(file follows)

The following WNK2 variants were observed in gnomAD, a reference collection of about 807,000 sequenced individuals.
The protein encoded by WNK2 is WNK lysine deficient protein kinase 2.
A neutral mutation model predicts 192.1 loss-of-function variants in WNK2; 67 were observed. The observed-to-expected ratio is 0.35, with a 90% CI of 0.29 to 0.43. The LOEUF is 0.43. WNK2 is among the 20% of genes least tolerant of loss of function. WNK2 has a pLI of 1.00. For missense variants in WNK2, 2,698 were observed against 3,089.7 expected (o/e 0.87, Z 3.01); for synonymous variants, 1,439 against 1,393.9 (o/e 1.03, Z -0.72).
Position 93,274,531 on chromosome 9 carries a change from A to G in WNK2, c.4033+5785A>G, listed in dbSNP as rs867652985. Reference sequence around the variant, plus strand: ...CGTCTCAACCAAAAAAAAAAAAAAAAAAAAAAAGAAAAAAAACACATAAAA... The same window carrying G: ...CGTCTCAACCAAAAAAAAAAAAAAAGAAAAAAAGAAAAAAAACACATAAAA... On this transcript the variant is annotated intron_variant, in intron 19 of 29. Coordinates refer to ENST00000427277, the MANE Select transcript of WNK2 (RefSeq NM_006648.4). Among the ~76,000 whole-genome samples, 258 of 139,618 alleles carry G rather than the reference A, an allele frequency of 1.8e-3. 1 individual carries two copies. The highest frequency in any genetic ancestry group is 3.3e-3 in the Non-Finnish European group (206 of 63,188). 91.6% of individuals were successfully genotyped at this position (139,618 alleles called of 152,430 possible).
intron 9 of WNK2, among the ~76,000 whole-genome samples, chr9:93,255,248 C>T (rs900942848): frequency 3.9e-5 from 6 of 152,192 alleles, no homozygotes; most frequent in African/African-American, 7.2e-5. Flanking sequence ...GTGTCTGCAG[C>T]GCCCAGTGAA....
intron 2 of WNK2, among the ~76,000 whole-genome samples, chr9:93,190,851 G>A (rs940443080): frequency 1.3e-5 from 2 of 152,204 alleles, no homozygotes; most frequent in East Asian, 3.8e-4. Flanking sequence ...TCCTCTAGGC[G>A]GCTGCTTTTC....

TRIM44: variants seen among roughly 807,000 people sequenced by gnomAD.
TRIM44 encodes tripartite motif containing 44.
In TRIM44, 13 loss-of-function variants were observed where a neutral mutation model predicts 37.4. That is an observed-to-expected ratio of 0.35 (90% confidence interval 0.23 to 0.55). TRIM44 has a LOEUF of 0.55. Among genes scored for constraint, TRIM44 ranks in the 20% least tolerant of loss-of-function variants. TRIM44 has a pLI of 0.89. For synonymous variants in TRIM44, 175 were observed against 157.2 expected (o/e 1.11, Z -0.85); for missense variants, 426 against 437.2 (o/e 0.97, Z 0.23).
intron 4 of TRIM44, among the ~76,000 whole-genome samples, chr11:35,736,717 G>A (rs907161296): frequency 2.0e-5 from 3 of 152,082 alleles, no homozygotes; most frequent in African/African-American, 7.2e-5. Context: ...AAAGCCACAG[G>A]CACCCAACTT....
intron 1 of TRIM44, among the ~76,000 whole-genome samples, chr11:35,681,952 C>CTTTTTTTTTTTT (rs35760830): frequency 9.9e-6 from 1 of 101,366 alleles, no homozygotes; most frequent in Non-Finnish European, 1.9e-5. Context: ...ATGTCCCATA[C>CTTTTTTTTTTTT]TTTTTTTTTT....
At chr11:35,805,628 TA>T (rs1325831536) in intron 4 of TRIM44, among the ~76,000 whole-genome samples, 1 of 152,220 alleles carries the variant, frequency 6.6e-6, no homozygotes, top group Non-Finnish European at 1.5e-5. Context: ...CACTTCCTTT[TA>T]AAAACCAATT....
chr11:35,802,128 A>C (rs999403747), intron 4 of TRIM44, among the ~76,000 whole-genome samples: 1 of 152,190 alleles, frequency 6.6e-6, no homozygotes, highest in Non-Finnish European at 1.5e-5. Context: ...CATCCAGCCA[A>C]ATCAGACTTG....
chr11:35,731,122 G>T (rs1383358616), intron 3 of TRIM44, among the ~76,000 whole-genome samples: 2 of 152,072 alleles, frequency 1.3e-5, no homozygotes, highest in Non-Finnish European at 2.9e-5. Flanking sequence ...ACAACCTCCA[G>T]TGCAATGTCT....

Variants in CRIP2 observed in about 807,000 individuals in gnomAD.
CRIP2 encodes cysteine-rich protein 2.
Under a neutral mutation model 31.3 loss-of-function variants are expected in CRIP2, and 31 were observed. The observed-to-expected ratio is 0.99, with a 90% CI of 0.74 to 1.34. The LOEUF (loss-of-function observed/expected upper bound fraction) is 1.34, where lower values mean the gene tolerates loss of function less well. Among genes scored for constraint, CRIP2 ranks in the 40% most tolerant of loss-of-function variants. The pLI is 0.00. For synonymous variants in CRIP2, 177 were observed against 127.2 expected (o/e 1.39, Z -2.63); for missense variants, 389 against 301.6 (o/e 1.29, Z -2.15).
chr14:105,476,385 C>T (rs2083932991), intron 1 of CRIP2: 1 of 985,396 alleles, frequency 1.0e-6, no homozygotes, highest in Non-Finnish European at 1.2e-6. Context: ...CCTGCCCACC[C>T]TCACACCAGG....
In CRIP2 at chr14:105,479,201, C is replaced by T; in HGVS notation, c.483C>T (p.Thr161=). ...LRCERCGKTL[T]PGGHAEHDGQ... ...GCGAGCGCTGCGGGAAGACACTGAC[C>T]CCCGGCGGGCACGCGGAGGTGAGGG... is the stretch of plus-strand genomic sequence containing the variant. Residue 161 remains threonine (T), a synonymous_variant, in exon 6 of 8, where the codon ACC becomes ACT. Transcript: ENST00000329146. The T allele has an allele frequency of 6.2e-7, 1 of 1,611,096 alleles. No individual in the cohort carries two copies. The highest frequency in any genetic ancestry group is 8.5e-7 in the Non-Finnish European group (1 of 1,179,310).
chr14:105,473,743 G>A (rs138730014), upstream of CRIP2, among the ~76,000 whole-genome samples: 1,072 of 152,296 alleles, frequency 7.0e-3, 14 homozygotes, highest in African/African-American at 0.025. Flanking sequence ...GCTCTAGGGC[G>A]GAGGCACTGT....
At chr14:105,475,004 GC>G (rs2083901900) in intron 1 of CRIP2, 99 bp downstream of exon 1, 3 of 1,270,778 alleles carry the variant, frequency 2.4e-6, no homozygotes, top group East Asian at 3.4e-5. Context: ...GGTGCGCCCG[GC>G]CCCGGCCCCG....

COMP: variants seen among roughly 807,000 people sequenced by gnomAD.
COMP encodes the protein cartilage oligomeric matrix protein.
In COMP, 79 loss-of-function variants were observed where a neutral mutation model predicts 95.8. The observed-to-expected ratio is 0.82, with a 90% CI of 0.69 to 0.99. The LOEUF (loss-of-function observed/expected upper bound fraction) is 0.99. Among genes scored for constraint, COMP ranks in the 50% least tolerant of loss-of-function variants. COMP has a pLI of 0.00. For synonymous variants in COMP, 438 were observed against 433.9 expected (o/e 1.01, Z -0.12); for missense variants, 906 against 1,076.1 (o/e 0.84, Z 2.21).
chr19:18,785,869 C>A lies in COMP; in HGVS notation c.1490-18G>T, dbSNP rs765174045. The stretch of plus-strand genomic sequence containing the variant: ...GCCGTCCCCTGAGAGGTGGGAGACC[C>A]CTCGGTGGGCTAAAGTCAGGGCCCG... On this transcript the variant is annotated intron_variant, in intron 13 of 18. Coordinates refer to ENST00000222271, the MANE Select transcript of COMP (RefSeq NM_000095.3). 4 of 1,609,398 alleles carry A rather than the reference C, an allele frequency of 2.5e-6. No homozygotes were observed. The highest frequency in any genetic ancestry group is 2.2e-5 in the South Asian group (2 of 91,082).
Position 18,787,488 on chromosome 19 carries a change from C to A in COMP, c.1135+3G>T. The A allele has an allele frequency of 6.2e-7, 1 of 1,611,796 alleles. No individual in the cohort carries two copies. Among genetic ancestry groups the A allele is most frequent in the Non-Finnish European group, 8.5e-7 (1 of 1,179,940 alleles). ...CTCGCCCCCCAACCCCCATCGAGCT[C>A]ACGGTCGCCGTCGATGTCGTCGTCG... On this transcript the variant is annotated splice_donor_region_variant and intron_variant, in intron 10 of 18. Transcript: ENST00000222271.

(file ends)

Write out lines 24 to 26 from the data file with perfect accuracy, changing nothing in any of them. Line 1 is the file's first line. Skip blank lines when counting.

In COMP, 79 loss-of-function variants were observed where a neutral mutation model predicts 95.8. The observed-to-expected ratio is 0.82, with a 90% CI of 0.69 to 0.99. The LOEUF (loss-of-function observed/expected upper bound fraction) is 0.99. Among genes scored for constraint, COMP ranks in the 50% least tolerant of loss-of-function variants. COMP has a pLI of 0.00. For synonymous variants in COMP, 438 were observed against 433.9 expected (o/e 1.01, Z -0.12); for missense variants, 906 against 1,076.1 (o/e 0.84, Z 2.21).
chr19:18,785,869 C>A lies in COMP; in HGVS notation c.1490-18G>T, dbSNP rs765174045. The stretch of plus-strand genomic sequence containing the variant: ...GCCGTCCCCTGAGAGGTGGGAGACC[C>A]CTCGGTGGGCTAAAGTCAGGGCCCG... On this transcript the variant is annotated intron_variant, in intron 13 of 18. Coordinates refer to ENST00000222271, the MANE Select transcript of COMP (RefSeq NM_000095.3). 4 of 1,609,398 alleles carry A rather than the reference C, an allele frequency of 2.5e-6. No homozygotes were observed. The highest frequency in any genetic ancestry group is 2.2e-5 in the South Asian group (2 of 91,082).
Position 18,787,488 on chromosome 19 carries a change from C to A in COMP, c.1135+3G>T. The A allele has an allele frequency of 6.2e-7, 1 of 1,611,796 alleles. No individual in the cohort carries two copies. Among genetic ancestry groups the A allele is most frequent in the Non-Finnish European group, 8.5e-7 (1 of 1,179,940 alleles). ...CTCGCCCCCCAACCCCCATCGAGCT[C>A]ACGGTCGCCGTCGATGTCGTCGTCG... On this transcript the variant is annotated splice_donor_region_variant and intron_variant, in intron 10 of 18. Transcript: ENST00000222271.